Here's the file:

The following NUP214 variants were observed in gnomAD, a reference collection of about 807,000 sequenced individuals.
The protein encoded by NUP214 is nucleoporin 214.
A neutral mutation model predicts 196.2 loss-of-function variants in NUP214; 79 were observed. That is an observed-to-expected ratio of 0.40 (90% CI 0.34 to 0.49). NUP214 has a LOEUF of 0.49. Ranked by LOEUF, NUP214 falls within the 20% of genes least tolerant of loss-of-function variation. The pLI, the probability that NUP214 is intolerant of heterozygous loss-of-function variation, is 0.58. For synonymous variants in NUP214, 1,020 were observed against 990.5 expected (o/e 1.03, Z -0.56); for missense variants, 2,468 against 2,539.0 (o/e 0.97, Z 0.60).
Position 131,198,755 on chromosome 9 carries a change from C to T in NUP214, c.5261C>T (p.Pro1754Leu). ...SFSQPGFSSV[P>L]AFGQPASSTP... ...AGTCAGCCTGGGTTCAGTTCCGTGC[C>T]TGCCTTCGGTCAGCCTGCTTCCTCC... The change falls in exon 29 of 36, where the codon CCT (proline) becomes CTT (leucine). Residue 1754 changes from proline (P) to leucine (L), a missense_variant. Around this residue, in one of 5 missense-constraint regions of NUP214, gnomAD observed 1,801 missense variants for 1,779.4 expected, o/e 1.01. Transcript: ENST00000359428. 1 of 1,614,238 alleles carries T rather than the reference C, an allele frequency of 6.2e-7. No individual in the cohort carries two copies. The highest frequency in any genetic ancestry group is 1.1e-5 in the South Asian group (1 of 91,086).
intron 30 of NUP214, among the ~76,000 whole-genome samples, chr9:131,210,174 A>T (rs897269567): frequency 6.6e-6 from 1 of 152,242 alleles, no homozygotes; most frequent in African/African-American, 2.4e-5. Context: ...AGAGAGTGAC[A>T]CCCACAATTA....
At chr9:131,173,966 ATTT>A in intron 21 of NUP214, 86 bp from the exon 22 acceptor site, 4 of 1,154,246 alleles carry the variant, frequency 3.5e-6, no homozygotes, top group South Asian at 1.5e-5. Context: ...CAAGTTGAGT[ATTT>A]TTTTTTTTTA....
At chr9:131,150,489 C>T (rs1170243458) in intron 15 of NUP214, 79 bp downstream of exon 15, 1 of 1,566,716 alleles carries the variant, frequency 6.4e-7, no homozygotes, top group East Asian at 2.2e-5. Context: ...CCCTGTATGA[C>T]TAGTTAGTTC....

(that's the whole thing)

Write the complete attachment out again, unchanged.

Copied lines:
The following NUP214 variants were observed in gnomAD, a reference collection of about 807,000 sequenced individuals.
The protein encoded by NUP214 is nucleoporin 214.
A neutral mutation model predicts 196.2 loss-of-function variants in NUP214; 79 were observed. That is an observed-to-expected ratio of 0.40 (90% CI 0.34 to 0.49). NUP214 has a LOEUF of 0.49. Ranked by LOEUF, NUP214 falls within the 20% of genes least tolerant of loss-of-function variation. The pLI, the probability that NUP214 is intolerant of heterozygous loss-of-function variation, is 0.58. For synonymous variants in NUP214, 1,020 were observed against 990.5 expected (o/e 1.03, Z -0.56); for missense variants, 2,468 against 2,539.0 (o/e 0.97, Z 0.60).
Position 131,198,755 on chromosome 9 carries a change from C to T in NUP214, c.5261C>T (p.Pro1754Leu). ...SFSQPGFSSV[P>L]AFGQPASSTP... ...AGTCAGCCTGGGTTCAGTTCCGTGC[C>T]TGCCTTCGGTCAGCCTGCTTCCTCC... The change falls in exon 29 of 36, where the codon CCT (proline) becomes CTT (leucine). Residue 1754 changes from proline (P) to leucine (L), a missense_variant. Around this residue, in one of 5 missense-constraint regions of NUP214, gnomAD observed 1,801 missense variants for 1,779.4 expected, o/e 1.01. Transcript: ENST00000359428. 1 of 1,614,238 alleles carries T rather than the reference C, an allele frequency of 6.2e-7. No individual in the cohort carries two copies. The highest frequency in any genetic ancestry group is 1.1e-5 in the South Asian group (1 of 91,086).
intron 30 of NUP214, among the ~76,000 whole-genome samples, chr9:131,210,174 A>T (rs897269567): frequency 6.6e-6 from 1 of 152,242 alleles, no homozygotes; most frequent in African/African-American, 2.4e-5. Context: ...AGAGAGTGAC[A>T]CCCACAATTA....
At chr9:131,173,966 ATTT>A in intron 21 of NUP214, 86 bp from the exon 22 acceptor site, 4 of 1,154,246 alleles carry the variant, frequency 3.5e-6, no homozygotes, top group South Asian at 1.5e-5. Context: ...CAAGTTGAGT[ATTT>A]TTTTTTTTTA....
At chr9:131,150,489 C>T (rs1170243458) in intron 15 of NUP214, 79 bp downstream of exon 15, 1 of 1,566,716 alleles carries the variant, frequency 6.4e-7, no homozygotes, top group East Asian at 2.2e-5. Context: ...CCCTGTATGA[C>T]TAGTTAGTTC....